Is Your Dog Really Colorblind?

By December 26 | See Comments

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Most pet owners assume that their dogs are colorblind, an erroneous popular notion that is not really true. While the color vision of your dog is different from yours, they don't exactly view the world in monochrome. Let us take a look at the science behind the color vision of dogs and see what pet owners can do to help them improve their eyesight.

What are the colors they can see?

Color vision is possible due to the cones in the eye, particularly the number of retinal pigment classes. The richness of your color vision depends on the number of cones and the extent to which hey overlap with one another. Humans have trichromatic vision – they have three cone classes. Dogs, on the other hand, have just two cone classes containing photo pigments that make color vision possible.Most humans who are colorblind usually have a missing green or red photo pigment, just as is the case with horses an dogs. The color vision of your dog is similar to that of a human who has a missing green cone. Scientists know that dogs are capable of seeing color, but they have had difficulty documenting it so far. But, it has been observed that dogs are able to pick up toys based on their color even though their ability to discern different shades is not as sharp or acute as human beings.However, it bears noting that event though dogs don't really see color the way we do, it does not negatively affect their survival in any way. Dogs are capable of seeing long wavelengths in conditions of low lighting, which is something that is extremely beneficial for predators that hunt at night.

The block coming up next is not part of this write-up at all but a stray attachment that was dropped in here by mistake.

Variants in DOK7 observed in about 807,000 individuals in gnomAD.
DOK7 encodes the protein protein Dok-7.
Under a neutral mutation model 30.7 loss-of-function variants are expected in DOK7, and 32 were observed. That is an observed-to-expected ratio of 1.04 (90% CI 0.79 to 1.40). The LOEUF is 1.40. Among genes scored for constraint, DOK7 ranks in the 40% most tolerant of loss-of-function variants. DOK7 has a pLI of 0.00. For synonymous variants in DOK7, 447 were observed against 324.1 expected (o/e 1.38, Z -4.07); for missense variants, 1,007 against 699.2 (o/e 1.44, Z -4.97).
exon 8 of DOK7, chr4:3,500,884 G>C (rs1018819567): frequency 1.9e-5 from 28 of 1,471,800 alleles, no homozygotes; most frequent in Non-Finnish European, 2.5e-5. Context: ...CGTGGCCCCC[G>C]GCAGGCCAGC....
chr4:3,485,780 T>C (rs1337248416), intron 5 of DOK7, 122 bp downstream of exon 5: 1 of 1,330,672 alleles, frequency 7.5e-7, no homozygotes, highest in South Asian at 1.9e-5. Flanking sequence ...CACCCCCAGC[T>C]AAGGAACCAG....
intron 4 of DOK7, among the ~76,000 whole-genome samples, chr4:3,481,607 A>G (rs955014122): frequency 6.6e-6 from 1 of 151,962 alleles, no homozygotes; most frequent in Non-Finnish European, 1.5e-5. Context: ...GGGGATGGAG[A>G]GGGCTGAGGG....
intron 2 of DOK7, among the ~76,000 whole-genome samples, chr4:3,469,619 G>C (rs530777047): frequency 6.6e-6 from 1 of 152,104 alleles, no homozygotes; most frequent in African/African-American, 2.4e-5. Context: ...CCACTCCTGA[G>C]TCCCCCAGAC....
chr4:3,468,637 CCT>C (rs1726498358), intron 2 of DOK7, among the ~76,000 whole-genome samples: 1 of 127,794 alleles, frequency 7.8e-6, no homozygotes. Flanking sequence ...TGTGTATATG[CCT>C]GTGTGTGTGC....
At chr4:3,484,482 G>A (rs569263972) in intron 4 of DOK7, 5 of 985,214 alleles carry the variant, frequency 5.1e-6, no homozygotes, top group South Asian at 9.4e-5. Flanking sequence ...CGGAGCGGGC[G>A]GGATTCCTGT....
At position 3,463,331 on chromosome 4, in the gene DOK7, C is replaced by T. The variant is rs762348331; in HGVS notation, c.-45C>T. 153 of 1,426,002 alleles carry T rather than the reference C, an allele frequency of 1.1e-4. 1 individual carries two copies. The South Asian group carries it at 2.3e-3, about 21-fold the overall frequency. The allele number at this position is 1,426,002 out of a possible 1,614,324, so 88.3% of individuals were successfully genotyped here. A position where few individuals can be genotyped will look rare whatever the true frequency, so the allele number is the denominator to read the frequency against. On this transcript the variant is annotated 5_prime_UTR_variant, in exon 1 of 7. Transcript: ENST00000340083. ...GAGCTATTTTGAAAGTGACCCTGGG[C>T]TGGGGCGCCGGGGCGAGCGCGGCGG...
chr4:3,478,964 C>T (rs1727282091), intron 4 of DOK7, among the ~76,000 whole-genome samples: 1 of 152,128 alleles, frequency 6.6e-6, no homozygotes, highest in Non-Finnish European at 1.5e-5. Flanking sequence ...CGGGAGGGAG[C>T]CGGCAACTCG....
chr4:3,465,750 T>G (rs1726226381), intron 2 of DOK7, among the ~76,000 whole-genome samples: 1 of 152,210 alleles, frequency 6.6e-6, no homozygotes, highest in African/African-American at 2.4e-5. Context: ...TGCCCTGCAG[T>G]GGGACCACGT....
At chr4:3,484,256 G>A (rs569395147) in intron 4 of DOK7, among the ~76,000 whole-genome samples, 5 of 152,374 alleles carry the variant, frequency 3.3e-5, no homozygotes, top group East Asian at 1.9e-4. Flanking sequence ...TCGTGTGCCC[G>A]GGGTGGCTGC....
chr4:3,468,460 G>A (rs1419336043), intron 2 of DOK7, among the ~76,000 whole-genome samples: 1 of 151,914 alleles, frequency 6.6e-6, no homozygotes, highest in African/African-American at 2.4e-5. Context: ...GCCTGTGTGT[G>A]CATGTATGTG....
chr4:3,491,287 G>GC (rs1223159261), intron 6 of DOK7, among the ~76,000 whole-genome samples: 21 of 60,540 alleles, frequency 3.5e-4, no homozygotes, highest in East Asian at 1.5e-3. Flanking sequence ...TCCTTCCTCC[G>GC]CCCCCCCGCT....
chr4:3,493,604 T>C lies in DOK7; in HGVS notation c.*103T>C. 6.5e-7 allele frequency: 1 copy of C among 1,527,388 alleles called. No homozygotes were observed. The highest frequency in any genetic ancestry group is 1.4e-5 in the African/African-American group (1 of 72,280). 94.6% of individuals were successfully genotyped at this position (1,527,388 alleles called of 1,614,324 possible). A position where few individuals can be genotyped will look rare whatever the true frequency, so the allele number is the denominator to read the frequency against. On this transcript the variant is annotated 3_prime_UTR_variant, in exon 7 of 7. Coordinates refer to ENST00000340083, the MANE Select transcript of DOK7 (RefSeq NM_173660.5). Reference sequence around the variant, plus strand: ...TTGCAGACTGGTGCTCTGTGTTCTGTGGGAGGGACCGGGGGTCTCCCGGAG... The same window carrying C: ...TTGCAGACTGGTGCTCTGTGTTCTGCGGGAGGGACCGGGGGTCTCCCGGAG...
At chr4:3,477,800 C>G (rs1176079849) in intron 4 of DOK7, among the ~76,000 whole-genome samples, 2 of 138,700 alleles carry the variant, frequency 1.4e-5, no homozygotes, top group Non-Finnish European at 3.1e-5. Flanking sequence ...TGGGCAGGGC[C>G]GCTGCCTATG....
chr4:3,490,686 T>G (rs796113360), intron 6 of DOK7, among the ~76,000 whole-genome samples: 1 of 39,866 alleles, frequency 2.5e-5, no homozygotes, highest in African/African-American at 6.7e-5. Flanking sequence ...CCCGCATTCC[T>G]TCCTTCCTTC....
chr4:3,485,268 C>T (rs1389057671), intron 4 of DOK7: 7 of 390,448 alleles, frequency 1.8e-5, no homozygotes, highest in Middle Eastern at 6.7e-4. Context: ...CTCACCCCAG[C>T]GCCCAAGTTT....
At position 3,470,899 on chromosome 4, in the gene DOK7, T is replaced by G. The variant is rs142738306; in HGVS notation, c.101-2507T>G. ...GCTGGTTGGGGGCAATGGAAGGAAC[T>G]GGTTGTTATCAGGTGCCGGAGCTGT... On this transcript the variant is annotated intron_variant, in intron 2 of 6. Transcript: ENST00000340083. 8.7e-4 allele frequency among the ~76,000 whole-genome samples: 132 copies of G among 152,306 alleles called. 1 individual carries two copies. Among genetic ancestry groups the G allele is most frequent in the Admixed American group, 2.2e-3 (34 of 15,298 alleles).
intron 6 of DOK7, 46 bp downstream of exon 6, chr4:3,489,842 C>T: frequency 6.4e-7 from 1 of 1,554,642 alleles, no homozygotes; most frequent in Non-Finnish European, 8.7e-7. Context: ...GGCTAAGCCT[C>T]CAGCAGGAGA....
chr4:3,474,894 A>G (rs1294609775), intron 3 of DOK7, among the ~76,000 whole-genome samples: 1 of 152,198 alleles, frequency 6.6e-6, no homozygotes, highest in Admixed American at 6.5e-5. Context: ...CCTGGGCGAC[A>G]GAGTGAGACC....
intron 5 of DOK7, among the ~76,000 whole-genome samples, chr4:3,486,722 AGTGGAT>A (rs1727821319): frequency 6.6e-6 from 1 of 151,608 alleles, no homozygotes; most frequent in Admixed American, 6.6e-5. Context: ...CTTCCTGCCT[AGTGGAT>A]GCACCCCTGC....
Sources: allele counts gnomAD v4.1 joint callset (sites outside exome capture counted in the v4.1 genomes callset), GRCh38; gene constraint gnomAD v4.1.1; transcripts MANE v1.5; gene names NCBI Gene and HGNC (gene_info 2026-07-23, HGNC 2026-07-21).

Can dogs do without color vision?

In all fairness, color vision is a git that dogs don't really need. Their retinas are designed to focus more on movement. If they can focus on a moving prey, it does not really matter whether it is blue, brown or green. Moreover, they have such a strong sense of smell that it supersedes any visual cues they get. Pet owners know how to use this sense when offering their dogs treats or food for training, but you can also employ visual cues to make playtime more fun. Balls and toys with

high color contrast

, like neon or orange, are excellent if you want to keep your dog stimulated during playtime.However, the best way to preserve your dog's vision is to make sure that he is on a

healthy, balanced diet

and gets regular exercise. There is some evidence of antioxidants boosting the retinal health of dogs. You can talk to your dog's vet to see if that is a good option for him.

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